The Latest: UN chief warns pandenic threatens Africa

International

Stranded migrant workers wait to board buses before taking a special train to their destination during extended lockdown to curb the spread of new coronavirus, in Bangalore, India, Monday, May 18, 2020. India has recorded its biggest single-day surge in new cases of coronavirus. The surge in infections comes a day after the federal government extended a nationwide lockdown to May 31 but eased some restrictions to restore economic activity and gave states more control in deciding the nature of the lockdown. (AP Photo/Aijaz Rahi)

The Latest on the coronavirus pandemic. The new coronavirus causes mild or moderate symptoms for most people. For some, especially older adults and people with existing health problems, it can cause more severe illness or death.

TOP OF THE HOUR:

— UN Secretary-General warns virus pandemic threatens Africa’s progresss

— Trump again says he is considering barring flights from hard-hit Brazil

— WHO members OK evaluation of virus response.

— Russian prime minister returns to work after bout with coronavirus.

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UNITED NATIONS — The United Nations secretary-general is warning that the coronavirus pandemic threatens Africa’s progress and could push millions into extreme poverty.

Antonio Guterres said in a video message Wednesday launching a policy briefing on “The Impact of COVID-19 in Africa” that countries on the continent have responded swiftly to the crisis, “and as of now reported cases are lower than feared,” with more than 2,500 deaths.

But the U.N. chief said “much hangs in the balance,” and he called for “international action to strengthen Africa’s health systems, maintain food supplies, avoid a financial crisis, support education, protect jobs, keep households and businesses afloat, and cushion the continent against lost income and export earnings.”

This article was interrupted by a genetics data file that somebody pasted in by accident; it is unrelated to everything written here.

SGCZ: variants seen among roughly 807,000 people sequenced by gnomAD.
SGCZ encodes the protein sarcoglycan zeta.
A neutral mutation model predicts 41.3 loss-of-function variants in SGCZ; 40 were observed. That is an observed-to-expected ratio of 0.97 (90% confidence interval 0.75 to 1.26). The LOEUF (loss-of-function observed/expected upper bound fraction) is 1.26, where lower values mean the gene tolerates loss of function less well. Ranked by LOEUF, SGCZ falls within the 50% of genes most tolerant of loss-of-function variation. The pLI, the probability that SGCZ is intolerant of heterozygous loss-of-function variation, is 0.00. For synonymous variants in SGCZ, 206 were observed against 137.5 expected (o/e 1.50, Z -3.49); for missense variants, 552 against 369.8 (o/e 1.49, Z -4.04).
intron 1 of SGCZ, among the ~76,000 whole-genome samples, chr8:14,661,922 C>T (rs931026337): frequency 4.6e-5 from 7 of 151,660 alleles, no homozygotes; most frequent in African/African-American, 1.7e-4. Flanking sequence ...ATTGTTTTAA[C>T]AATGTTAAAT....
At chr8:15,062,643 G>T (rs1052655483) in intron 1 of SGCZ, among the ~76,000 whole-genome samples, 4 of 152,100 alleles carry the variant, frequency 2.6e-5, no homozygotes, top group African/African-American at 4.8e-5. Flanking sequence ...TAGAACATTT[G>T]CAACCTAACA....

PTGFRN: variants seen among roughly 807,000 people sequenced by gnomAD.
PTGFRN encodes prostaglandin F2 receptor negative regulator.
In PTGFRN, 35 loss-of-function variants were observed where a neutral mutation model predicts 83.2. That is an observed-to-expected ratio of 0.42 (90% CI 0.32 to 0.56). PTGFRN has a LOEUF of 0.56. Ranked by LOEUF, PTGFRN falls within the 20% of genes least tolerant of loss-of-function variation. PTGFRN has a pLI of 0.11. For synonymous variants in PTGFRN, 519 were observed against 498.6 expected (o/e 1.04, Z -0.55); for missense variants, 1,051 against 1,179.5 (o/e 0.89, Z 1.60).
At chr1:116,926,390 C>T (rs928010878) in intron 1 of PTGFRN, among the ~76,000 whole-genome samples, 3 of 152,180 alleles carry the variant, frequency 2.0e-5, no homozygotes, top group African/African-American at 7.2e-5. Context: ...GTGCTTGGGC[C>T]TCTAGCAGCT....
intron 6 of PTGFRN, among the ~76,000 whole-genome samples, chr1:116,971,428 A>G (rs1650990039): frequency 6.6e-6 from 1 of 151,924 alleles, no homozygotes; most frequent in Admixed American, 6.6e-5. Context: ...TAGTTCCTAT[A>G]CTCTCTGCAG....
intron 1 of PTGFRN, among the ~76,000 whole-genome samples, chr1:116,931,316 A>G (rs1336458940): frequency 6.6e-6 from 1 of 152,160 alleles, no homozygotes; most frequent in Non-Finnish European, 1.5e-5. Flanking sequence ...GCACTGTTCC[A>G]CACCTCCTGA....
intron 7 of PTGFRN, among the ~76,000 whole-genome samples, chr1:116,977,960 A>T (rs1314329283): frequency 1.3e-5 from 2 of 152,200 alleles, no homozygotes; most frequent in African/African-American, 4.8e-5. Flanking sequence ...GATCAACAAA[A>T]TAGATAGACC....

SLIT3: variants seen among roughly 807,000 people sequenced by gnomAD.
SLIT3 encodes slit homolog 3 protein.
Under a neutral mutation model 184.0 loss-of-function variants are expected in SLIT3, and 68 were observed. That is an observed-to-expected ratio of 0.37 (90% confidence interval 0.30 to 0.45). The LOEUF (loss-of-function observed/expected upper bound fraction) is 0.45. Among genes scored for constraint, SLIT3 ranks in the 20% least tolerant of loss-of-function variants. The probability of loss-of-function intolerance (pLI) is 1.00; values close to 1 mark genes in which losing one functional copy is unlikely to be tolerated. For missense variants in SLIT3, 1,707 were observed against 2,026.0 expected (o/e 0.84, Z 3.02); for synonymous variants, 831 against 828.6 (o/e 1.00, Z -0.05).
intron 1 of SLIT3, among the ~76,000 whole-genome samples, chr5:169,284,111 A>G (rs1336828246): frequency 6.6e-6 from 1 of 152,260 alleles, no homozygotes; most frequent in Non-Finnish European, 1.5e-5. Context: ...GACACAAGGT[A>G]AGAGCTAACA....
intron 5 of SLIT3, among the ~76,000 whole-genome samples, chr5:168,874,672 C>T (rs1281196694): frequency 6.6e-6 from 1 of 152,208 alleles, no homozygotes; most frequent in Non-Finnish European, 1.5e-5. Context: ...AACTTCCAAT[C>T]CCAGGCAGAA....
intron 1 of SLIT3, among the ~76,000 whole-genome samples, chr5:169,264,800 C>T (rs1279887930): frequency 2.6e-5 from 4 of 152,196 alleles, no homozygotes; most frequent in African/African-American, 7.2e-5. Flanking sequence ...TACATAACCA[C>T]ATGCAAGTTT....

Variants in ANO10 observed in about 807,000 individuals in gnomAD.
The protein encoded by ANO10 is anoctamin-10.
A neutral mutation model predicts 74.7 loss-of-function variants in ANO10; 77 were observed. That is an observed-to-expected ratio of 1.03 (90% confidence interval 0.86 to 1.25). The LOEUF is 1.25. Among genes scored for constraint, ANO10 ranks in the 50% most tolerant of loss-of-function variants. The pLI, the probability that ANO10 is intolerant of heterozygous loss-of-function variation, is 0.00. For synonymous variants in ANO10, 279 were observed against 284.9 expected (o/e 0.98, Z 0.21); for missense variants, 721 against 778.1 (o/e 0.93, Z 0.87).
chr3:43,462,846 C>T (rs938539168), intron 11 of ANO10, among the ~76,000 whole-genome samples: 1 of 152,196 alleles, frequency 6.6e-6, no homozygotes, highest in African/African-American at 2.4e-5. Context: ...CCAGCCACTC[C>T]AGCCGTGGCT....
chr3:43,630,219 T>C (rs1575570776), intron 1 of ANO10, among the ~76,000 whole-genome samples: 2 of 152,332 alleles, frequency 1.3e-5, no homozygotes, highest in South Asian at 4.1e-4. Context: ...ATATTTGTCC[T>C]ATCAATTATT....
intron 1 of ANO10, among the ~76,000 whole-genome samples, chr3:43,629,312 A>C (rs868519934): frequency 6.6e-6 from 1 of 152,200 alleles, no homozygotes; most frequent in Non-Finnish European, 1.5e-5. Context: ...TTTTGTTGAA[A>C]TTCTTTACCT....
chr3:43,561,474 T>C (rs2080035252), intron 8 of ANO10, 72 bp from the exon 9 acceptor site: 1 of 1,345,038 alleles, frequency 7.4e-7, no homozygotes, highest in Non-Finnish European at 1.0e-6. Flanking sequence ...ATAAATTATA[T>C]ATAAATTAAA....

To help address the devastating economic and social consequences of the pandemic, Guterres said Africa needs more than $200 billion and “an across-the-board debt standstill for African countries.”

He said in recent years economic growth in Africa has been strong, the digital revolution “has taken hold” and agreement has been reached on a free trade area.

But Guterres said “already, demand for Africa’s commodities, tourism and remittances are declining” and “the opening of the trade zone has been pushed back.”

And the secretary-general said the pandemic “will aggravate long-standing inequalities and heighten hunger, malnutrition and vulnerability to disease.”

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SINGAPORE — Singapore, which has one of the highest infection rate in Asia, plans to exit a partial lockdown that ends June 1 in a controlled approach over three phases.

Officials say businesses that do not pose high risk of transmission can reopen from June 2 but some retail shops, personal services and dine-in restaurants will still be barred. Schools will reopen in phases and families can visit each other, but limited to one visit a day and not more than two guests in a household.

The city-state has reported 28,794 cases with 22 deaths. Most of the cases are linked to foreign workers, who remained locked down in their crowded dormitories. Earlier this month, the city-state allowed select businesses to open doors after infections dropped in the local community, away from the dorms.

The government said in a statement Tuesday that it expects infections to rise with the increased activity next month. If transmission remains low and stable, and the dorm situation under control, it said more activities will gradually resume including gyms, tuition centers and retail outlets in phase two.

It said all restrictions will eventually be eased in phase three but with strict health guidelines in a “new normal” until an effective vaccine for COVID-19 is developed.